Windows Server: logging users logon and logoff via PowerShell

You are planning a migration and you want to track and monitor for a few weeks when your server is being used the most?

  1. Open Windows PowerShell ISE ( or notepad 😉 )
  2. Add this PowerShell line below and save the script as monitorlogon.ps1
  3. "logon {0} {1} {2:yyyy-MM-dd HH:mm:ss}" -f $env:username, $env:computername, (Get-Date) >> logon.log
  4. Create another script file, add the PowerShell line below and save it as monitorlogoff.ps1
  5.  "logff {0} {1} {2:yyyy-MM-dd HH:mm:ss}" -f $env:username, $env:computername, (Get-Date) >> logoff.log
  6. Start the Logal Group Policy Editor ([Windows]+[r] > gpedit.msc)
  7. Navigate to [User Configuration] > [Windows Settings] > [Scripts (Logon/Logoff)]
  8. Double click on the [Logon] name
  9. Navigate to the [PowerShell Scripts] tabpage
  10. Click the [Add] button and select your monitorlogon.ps1 script.
  11. Optionally you can select the execution order, default is set to “Not configured”.
  12. Repeat again from step 6. for the Logoff script.

You can change the >> filename.log part to >> \\MyShare\filename.log.

If you want to do this on a Windows Server 2003 where you can’t run your PowerShell you will need to save the file as an *.cmd:

  1. Create a new file and call it monitorlogon.cmd
  2. Enter the line below and save the script as monitorlogon.cmd:
  3. echo logon %username% %computername% %date% %time% >> C:\logon.log
  4. Repeat this for monitorlogoff.cmd and adjust the script line.
  5. Follow the steps from the PowerShell script.

TCP Analyzer

This tool analyzes network traces of TCP connections. Given a Microsoft Network
Monitor trace, the analyzer provides various performance statistics and
visualizations for the captured TCP connection. Included are plots of the
time-sequence graph, round-trip time measurements, and more. The tool also
contains an analysis engine that attempts to explain what the limiting
performance factor of a particular connection was, such as limited physical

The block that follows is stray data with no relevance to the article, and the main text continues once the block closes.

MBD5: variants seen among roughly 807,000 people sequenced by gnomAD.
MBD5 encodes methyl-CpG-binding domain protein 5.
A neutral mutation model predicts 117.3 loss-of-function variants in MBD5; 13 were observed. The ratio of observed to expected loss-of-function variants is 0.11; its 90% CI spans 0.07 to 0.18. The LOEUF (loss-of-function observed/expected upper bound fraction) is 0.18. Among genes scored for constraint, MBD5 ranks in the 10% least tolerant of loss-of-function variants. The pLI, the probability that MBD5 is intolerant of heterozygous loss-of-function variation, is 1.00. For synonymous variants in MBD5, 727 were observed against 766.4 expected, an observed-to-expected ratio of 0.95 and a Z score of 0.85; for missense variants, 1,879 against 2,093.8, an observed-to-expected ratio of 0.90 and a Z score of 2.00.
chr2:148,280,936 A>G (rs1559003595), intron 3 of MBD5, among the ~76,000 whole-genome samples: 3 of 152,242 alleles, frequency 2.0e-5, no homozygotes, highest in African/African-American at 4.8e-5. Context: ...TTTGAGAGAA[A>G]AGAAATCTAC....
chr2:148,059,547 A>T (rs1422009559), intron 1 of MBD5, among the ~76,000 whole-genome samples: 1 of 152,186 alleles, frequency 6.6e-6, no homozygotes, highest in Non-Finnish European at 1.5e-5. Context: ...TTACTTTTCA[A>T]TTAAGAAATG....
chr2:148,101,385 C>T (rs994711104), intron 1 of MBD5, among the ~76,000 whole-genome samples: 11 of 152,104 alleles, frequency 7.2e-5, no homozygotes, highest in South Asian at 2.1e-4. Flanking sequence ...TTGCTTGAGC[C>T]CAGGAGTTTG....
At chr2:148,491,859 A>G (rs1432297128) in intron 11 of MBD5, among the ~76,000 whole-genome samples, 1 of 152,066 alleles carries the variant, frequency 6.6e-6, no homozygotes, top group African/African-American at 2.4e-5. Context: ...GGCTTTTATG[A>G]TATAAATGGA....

bandwidth, network congestion, or a receiver or sender window size that is too
small. The tool helps determine why a particular TCP connection is slow and
enhances understanding of what a connection is doing.

Info and downloads (x86 – x64) can be found here.

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Real time World Cup 2010 traffic monitor

akamai

World Cup 2010_1276155290518

The 2010 World Cup is shaping up to be a major Internet milestone event, with billions of fans relying on the Internet for live and on-demand games, news, scores, and highlights of the most watched sporting event in the world. Whether it’s watching live streams of the game in HD video or the ability to share stories, photos, and memories at an unprecedented global scale, fans will experience the World Cup like never before.
This tool monitors real time traffic to the global broadcasters delivering traffic over Akamai’s network.

Check it out! This will be fun to watch the following days 😉

Thanks for the tip @pieter557

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Modeling The World

A quote from Facebook:

Innovations in technology are transforming our ability to measure, monitor and model how the world behaves. We believe this has profound implications for scientific research and can transform the way we tackle global challenges like health care and climate change. It also will have a huge impact on engineering and business, delivering new breakthroughs and discoveries that could lead to the creation of new products, new businesses and even new industries.

We are proud to introduce Microsoft’s Technical Computing initiative, a new effort focused on empowering millions of the world’s smartest problem solvers. We’ve designed this initiative to bring supercomputing power and resources to a much wider group of scientists, engineers and analysts who are working to address some of the world’s most difficult challenges, through modeling and prediction.

In the coming months and years, we’ll collaborate closely with partners across industry and academia. Our goal is to create technical computing solutions that will speed discovery, invention and innovation. One day soon, complicated tasks like building a sophisticated computer model that would typically take a team of advanced software programmers months to build and days to run, will be accomplished in an afternoon by a single scientist, engineer or analyst working at their PC. Rather than grappling with complicated technology, they’ll be able to spend more time on important work.

As part of this initiative we’re also bringing together some of the brightest minds in the technical computing community at http://www.modelingtheworld.com to discuss the trends, challenges and opportunities we share. Personally, I think this site provides a great interactive experience with fresh, relevant content – I’m incredibly proud of it. Please tune in and join us—we welcome your ideas and feedback.

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